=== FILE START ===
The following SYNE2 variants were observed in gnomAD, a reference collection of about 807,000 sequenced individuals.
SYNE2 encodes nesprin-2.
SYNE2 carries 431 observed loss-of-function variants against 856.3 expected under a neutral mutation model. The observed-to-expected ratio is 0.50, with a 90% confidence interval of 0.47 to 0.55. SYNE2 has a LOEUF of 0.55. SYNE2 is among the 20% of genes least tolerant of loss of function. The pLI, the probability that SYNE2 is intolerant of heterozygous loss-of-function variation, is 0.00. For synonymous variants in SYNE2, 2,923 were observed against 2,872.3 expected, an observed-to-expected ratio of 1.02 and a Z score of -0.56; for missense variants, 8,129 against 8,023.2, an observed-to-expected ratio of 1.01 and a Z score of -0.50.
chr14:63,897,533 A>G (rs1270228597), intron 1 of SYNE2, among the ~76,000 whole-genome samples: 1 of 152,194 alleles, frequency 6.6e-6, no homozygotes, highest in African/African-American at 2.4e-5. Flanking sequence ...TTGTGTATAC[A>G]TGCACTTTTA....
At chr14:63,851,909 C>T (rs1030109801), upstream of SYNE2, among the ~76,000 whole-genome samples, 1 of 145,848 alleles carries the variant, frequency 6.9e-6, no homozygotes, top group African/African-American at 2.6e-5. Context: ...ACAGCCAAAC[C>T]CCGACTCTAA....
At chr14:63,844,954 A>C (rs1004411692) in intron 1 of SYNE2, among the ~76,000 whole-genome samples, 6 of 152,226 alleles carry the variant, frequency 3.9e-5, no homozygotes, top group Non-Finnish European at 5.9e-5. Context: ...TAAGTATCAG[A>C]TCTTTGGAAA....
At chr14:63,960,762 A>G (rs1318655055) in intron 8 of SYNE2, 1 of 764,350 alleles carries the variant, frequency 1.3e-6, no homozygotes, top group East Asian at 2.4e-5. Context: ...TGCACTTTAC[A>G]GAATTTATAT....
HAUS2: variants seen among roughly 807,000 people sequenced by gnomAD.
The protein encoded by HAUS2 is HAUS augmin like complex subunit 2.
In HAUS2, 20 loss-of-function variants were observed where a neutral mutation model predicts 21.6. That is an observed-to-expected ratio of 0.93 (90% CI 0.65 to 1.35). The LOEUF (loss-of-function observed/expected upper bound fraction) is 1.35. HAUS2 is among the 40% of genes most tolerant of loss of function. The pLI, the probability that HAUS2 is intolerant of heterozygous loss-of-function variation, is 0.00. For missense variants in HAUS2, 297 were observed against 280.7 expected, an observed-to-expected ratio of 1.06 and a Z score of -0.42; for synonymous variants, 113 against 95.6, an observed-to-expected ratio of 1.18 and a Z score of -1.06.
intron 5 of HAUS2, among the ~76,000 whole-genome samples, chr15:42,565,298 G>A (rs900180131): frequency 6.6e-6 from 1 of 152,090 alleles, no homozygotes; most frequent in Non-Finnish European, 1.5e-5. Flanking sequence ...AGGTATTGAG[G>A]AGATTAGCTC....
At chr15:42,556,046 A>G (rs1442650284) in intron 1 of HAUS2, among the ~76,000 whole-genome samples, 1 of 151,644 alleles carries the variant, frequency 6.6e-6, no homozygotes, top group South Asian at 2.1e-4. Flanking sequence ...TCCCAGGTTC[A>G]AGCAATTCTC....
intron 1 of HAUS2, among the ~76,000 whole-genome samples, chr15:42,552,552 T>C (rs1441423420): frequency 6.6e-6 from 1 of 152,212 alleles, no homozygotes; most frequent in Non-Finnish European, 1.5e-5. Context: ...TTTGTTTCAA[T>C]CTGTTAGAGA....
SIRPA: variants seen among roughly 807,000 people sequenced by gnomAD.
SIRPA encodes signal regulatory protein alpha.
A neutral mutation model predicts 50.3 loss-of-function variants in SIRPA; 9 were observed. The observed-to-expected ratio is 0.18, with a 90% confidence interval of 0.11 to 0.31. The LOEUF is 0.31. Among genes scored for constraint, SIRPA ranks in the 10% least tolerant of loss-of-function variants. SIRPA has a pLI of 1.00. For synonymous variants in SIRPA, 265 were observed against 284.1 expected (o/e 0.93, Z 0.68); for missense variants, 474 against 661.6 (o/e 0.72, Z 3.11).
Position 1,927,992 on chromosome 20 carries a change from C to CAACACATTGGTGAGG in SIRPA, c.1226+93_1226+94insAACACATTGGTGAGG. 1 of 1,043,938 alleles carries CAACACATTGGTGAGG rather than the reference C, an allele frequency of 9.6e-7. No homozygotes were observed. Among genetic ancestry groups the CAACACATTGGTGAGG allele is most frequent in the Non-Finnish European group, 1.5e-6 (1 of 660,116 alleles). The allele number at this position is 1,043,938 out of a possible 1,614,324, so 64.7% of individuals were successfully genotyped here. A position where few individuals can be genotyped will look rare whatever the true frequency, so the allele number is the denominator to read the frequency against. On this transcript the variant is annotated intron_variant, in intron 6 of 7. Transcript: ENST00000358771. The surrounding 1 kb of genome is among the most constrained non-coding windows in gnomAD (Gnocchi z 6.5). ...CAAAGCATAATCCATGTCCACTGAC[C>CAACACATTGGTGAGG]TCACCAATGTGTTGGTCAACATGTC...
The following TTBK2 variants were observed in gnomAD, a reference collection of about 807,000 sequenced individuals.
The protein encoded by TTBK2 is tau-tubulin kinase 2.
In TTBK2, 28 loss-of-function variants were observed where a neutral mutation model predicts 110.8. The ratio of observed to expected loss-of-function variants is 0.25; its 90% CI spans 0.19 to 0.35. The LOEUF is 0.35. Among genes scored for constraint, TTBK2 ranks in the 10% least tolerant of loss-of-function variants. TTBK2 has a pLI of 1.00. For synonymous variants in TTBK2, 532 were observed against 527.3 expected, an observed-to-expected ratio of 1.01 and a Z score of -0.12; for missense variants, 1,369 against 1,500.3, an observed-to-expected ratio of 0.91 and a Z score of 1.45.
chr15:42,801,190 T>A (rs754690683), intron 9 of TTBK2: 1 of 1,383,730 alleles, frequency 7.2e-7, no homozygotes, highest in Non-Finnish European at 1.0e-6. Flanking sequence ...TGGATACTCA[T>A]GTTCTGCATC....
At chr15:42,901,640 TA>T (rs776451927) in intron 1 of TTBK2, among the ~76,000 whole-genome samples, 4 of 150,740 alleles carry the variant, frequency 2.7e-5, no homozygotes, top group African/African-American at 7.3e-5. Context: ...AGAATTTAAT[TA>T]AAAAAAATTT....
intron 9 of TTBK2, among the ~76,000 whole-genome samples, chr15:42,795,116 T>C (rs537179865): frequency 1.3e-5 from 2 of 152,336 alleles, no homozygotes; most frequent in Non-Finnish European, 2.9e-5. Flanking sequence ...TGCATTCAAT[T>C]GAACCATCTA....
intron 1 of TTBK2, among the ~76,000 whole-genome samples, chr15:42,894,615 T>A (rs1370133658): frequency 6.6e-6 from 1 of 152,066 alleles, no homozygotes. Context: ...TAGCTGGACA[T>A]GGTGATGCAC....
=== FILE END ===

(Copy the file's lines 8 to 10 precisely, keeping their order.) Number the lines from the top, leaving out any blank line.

HAUS2: variants seen among roughly 807,000 people sequenced by gnomAD.
The protein encoded by HAUS2 is HAUS augmin like complex subunit 2.
In HAUS2, 20 loss-of-function variants were observed where a neutral mutation model predicts 21.6. That is an observed-to-expected ratio of 0.93 (90% CI 0.65 to 1.35). The LOEUF (loss-of-function observed/expected upper bound fraction) is 1.35. HAUS2 is among the 40% of genes most tolerant of loss of function. The pLI, the probability that HAUS2 is intolerant of heterozygous loss-of-function variation, is 0.00. For missense variants in HAUS2, 297 were observed against 280.7 expected, an observed-to-expected ratio of 1.06 and a Z score of -0.42; for synonymous variants, 113 against 95.6, an observed-to-expected ratio of 1.18 and a Z score of -1.06.